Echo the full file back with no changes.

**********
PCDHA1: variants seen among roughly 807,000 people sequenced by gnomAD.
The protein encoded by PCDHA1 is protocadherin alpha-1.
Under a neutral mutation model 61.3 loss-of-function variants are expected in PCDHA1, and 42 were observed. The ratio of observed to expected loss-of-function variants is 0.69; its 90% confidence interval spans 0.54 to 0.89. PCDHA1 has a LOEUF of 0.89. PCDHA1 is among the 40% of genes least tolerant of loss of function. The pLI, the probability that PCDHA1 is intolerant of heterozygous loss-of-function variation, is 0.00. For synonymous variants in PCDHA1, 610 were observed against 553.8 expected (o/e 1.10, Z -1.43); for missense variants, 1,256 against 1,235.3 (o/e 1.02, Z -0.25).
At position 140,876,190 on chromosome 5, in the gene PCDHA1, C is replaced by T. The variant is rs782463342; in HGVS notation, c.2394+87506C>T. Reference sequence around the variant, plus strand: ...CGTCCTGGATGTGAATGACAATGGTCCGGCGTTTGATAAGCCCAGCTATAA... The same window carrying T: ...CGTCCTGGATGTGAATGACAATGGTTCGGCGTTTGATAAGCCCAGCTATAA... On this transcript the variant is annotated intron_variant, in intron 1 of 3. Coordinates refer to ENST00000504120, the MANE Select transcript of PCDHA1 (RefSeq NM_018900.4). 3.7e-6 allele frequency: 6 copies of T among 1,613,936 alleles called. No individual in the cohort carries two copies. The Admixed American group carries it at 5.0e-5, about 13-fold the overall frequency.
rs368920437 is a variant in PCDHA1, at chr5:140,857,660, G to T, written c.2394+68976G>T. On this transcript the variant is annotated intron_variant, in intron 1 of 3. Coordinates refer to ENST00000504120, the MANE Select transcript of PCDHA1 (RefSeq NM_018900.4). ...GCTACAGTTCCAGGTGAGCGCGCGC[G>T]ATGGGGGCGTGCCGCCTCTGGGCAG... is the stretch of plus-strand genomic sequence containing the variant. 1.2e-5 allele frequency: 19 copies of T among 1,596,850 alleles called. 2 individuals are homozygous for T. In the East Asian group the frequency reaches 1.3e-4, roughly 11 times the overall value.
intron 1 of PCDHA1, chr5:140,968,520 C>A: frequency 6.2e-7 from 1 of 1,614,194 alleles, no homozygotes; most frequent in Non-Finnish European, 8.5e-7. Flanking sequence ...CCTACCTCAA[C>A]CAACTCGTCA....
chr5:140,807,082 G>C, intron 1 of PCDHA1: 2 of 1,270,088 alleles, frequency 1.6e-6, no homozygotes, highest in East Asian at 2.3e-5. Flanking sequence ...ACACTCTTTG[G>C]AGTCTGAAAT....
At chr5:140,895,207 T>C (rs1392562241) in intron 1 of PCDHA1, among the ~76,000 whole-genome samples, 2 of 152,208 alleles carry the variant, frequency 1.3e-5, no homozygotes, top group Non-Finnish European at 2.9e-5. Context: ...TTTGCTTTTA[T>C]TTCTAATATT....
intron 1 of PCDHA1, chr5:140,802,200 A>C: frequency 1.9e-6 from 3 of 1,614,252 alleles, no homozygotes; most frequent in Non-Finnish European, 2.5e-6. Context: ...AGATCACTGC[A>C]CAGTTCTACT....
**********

PCDHA1: variants seen among roughly 807,000 people sequenced by gnomAD.
The protein encoded by PCDHA1 is protocadherin alpha-1.
Under a neutral mutation model 61.3 loss-of-function variants are expected in PCDHA1, and 42 were observed. The ratio of observed to expected loss-of-function variants is 0.69; its 90% confidence interval spans 0.54 to 0.89. PCDHA1 has a LOEUF of 0.89. PCDHA1 is among the 40% of genes least tolerant of loss of function. The pLI, the probability that PCDHA1 is intolerant of heterozygous loss-of-function variation, is 0.00. For synonymous variants in PCDHA1, 610 were observed against 553.8 expected (o/e 1.10, Z -1.43); for missense variants, 1,256 against 1,235.3 (o/e 1.02, Z -0.25).
At position 140,876,190 on chromosome 5, in the gene PCDHA1, C is replaced by T. The variant is rs782463342; in HGVS notation, c.2394+87506C>T. Reference sequence around the variant, plus strand: ...CGTCCTGGATGTGAATGACAATGGTCCGGCGTTTGATAAGCCCAGCTATAA... The same window carrying T: ...CGTCCTGGATGTGAATGACAATGGTTCGGCGTTTGATAAGCCCAGCTATAA... On this transcript the variant is annotated intron_variant, in intron 1 of 3. Coordinates refer to ENST00000504120, the MANE Select transcript of PCDHA1 (RefSeq NM_018900.4). 3.7e-6 allele frequency: 6 copies of T among 1,613,936 alleles called. No individual in the cohort carries two copies. The Admixed American group carries it at 5.0e-5, about 13-fold the overall frequency.
rs368920437 is a variant in PCDHA1, at chr5:140,857,660, G to T, written c.2394+68976G>T. On this transcript the variant is annotated intron_variant, in intron 1 of 3. Coordinates refer to ENST00000504120, the MANE Select transcript of PCDHA1 (RefSeq NM_018900.4). ...GCTACAGTTCCAGGTGAGCGCGCGC[G>T]ATGGGGGCGTGCCGCCTCTGGGCAG... is the stretch of plus-strand genomic sequence containing the variant. 1.2e-5 allele frequency: 19 copies of T among 1,596,850 alleles called. 2 individuals are homozygous for T. In the East Asian group the frequency reaches 1.3e-4, roughly 11 times the overall value.
intron 1 of PCDHA1, chr5:140,968,520 C>A: frequency 6.2e-7 from 1 of 1,614,194 alleles, no homozygotes; most frequent in Non-Finnish European, 8.5e-7. Flanking sequence ...CCTACCTCAA[C>A]CAACTCGTCA....
chr5:140,807,082 G>C, intron 1 of PCDHA1: 2 of 1,270,088 alleles, frequency 1.6e-6, no homozygotes, highest in East Asian at 2.3e-5. Flanking sequence ...ACACTCTTTG[G>C]AGTCTGAAAT....
At chr5:140,895,207 T>C (rs1392562241) in intron 1 of PCDHA1, among the ~76,000 whole-genome samples, 2 of 152,208 alleles carry the variant, frequency 1.3e-5, no homozygotes, top group Non-Finnish European at 2.9e-5. Context: ...TTTGCTTTTA[T>C]TTCTAATATT....
intron 1 of PCDHA1, chr5:140,802,200 A>C: frequency 1.9e-6 from 3 of 1,614,252 alleles, no homozygotes; most frequent in Non-Finnish European, 2.5e-6. Context: ...AGATCACTGC[A>C]CAGTTCTACT....